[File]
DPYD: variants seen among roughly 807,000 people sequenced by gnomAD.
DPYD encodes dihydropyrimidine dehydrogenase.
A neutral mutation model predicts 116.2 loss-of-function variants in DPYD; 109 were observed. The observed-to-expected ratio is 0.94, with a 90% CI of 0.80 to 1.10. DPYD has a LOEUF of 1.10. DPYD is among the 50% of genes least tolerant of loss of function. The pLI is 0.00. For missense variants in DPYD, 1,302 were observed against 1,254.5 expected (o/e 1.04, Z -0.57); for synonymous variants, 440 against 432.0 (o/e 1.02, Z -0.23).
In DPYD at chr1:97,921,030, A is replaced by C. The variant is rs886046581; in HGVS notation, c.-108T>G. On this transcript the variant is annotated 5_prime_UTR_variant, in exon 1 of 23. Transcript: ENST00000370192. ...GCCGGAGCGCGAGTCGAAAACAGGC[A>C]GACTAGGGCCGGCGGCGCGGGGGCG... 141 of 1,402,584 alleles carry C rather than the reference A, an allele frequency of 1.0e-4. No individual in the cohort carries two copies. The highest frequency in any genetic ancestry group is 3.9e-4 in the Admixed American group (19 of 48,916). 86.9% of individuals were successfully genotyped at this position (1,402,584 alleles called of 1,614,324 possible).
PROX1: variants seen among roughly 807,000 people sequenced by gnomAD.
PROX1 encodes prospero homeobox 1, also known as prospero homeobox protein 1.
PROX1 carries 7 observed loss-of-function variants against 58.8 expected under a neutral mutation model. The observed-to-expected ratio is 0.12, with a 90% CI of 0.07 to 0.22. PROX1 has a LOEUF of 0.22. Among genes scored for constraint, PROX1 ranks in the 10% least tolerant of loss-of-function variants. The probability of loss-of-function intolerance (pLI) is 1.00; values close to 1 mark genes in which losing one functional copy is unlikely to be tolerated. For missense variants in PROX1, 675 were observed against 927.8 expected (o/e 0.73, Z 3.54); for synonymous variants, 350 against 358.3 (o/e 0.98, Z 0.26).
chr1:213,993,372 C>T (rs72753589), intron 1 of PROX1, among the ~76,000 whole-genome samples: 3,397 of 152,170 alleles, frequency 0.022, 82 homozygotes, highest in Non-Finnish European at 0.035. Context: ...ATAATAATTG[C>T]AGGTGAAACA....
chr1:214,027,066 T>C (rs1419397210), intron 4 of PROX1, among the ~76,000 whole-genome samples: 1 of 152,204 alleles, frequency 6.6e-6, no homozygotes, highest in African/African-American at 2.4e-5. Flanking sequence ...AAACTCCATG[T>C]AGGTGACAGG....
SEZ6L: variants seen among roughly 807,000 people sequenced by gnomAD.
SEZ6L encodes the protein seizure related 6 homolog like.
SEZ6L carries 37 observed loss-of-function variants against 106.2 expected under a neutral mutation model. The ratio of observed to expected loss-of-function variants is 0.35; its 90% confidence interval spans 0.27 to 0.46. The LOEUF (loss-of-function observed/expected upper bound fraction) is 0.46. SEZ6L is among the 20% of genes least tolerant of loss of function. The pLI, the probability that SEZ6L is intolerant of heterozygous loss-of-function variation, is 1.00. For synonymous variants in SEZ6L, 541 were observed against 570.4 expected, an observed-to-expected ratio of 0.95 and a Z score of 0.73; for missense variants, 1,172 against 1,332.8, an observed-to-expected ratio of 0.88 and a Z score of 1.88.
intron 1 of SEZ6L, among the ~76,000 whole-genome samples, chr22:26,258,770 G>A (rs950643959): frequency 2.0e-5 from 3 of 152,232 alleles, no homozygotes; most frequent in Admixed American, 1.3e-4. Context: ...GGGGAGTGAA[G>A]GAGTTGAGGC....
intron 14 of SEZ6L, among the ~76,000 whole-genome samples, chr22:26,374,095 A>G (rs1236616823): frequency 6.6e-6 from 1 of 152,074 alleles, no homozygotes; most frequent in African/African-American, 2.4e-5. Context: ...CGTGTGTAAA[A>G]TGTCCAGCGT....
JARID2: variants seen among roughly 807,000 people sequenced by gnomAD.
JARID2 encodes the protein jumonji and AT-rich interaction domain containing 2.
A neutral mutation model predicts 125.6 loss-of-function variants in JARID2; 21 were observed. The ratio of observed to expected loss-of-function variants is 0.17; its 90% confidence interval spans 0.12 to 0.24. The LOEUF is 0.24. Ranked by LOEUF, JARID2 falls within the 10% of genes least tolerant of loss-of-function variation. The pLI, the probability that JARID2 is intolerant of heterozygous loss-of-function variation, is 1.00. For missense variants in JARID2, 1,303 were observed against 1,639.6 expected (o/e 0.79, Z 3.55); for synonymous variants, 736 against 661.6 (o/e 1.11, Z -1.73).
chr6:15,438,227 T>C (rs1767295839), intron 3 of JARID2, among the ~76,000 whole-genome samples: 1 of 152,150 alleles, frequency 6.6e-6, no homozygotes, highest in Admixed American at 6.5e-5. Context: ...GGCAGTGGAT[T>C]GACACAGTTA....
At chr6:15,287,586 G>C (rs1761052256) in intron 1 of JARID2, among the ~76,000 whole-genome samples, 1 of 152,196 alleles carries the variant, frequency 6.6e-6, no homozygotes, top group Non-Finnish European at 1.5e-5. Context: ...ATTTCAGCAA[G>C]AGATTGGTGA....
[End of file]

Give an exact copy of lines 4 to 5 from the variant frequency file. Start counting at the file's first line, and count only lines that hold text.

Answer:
In DPYD at chr1:97,921,030, A is replaced by C. The variant is rs886046581; in HGVS notation, c.-108T>G. On this transcript the variant is annotated 5_prime_UTR_variant, in exon 1 of 23. Transcript: ENST00000370192. ...GCCGGAGCGCGAGTCGAAAACAGGC[A>C]GACTAGGGCCGGCGGCGCGGGGGCG... 141 of 1,402,584 alleles carry C rather than the reference A, an allele frequency of 1.0e-4. No individual in the cohort carries two copies. The highest frequency in any genetic ancestry group is 3.9e-4 in the Admixed American group (19 of 48,916). 86.9% of individuals were successfully genotyped at this position (1,402,584 alleles called of 1,614,324 possible).
PROX1: variants seen among roughly 807,000 people sequenced by gnomAD.